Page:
Caution- Avoid Fake Trade Rumors

From Flickr via Eugene Zemlyanskiy

The trade deadline is rapidly approaching us which means it’s that time of the year when trade rumors fly more rampant than ever before. But along with all of the excitement comes some absolute stupidity from certain trolls who find it fun to make up trade rumor and send the internet into frenzy.

This most recently happened with a certain Hoops-Nation post (which I refuse to link because of the sheer idiocy of it) in which the writer claimed that a source told him  the Bulls were discussing a massive blockbuster that would bring Carmelo Anthony over to Chicago. It was undoubtedly fake for many reasons, but mostly because: 1) it came from a random blogger and not one of the normal beat/national writers; 2) bloggers don’t get media access to Bulls games; 3) the Bulls are so tight-lipped it’s unlikely anyone would catch wind of that trade from Chicago’s end; 4) the trade made absolutely no sense.

However, despite the trade being an obvious fake it’s managed to find it’s way around the internet and my fellow BbtH writers, our friends at Blog-A-Bull, and myself are having to constantly debunk the speculation.

So here are some general tips for dealing with the trade deadline madness.

  1. Always be suspicious of every rumor you read. Any infant with a keyboard can make up a rumor with “sources” and post it online trying to pass if off as true. Sources tell me that the Oklahoma City Thunder and Miami Heat have agreed to exchange Kevin Durant and Lebron James. See how easy it is?
  2. Just because a “rumor” is on a major website doesn’t make it remotely true. A lot of organizations have contributor sites where anyone can write a fan post and submit it. While the parent site won’t promote the original post, people still catch wind of it and share it. Unfortunately it eventually becomes an annoying fake rumor.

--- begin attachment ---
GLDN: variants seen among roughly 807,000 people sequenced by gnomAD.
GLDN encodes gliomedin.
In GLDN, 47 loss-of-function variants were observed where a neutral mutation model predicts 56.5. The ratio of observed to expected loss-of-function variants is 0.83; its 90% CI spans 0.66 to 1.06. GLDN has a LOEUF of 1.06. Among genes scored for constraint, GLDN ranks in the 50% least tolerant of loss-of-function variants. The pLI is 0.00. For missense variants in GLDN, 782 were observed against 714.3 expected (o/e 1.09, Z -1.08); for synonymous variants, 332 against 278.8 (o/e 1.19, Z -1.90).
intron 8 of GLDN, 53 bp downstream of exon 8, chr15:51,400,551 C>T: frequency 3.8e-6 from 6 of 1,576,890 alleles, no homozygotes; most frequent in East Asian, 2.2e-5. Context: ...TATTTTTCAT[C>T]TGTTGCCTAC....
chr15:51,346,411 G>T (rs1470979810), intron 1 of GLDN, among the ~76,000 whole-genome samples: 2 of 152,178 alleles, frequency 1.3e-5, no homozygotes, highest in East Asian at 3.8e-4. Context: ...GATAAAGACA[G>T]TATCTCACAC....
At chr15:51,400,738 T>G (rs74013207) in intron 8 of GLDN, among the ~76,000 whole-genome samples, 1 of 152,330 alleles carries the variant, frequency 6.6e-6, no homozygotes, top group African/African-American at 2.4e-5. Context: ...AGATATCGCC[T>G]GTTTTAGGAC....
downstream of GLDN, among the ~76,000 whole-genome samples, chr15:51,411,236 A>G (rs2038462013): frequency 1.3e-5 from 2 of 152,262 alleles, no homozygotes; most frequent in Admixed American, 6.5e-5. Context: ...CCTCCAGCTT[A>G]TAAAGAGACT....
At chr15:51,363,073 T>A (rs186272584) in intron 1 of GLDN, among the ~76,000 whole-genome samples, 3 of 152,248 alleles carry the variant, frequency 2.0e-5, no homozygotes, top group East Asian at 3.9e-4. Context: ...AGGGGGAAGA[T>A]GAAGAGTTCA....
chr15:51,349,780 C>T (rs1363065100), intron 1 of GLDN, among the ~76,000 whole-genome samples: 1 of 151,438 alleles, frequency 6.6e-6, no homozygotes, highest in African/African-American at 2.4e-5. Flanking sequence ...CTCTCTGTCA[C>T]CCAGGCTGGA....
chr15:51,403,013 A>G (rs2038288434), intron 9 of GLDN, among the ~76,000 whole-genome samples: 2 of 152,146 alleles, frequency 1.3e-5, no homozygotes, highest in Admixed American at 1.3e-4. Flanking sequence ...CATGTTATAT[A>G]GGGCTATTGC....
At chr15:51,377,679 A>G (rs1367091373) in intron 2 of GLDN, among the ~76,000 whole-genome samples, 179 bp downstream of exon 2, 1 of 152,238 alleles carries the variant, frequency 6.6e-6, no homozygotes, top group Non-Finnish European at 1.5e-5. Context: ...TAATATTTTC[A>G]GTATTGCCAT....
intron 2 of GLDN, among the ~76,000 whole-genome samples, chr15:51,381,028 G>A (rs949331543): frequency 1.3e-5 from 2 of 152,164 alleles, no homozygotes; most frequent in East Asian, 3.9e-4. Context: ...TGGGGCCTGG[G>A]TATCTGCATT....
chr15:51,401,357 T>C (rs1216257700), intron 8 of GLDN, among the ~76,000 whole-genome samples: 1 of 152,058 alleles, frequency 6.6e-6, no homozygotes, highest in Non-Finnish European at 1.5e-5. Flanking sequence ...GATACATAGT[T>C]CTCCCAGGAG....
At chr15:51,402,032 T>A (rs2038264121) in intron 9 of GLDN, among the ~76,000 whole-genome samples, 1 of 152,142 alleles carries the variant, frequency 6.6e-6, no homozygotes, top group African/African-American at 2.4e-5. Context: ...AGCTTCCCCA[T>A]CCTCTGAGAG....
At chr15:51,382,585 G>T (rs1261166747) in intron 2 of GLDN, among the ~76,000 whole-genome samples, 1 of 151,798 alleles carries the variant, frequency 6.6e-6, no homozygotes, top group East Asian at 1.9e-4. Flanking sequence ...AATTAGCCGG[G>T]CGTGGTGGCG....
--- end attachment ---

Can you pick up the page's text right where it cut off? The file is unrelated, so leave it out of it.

3. Trust news from the major writers and the major writers only. That means Adrian Wojnarowski, Marc Spears, Marc Stein, and other guys writing for the major organizations/sites. In the case of Chicago writers to trust- Sean Highkin, Nick Friedell, KC Johnson, Aggrey Sam, Mike McGraw, etc.
  4. For those of you on Twitter who see retweets of the rumors and trades that are tweeted out, ALWAYS CHECK TO SEE IF THE TWEET ACTUALLY CAME FROM THE WRITER AND NOT A FAKE ACCOUNT. There have been so many issues with fake Twitter accounts pretending to be the writer (more often than not Wojnarowski) that create hysteria for a little while. The general rule of thumb, if you don’t see the “verified” checkmark next to the name, don’t trust it.

For anything we missed, Blog-A-Bull has it covered with their warning for fake trade rumors. And while your at it we highly recommend you read this Daily Thunder post on fake rumors.

With all of that said, time to sit back and watch everything unfold.

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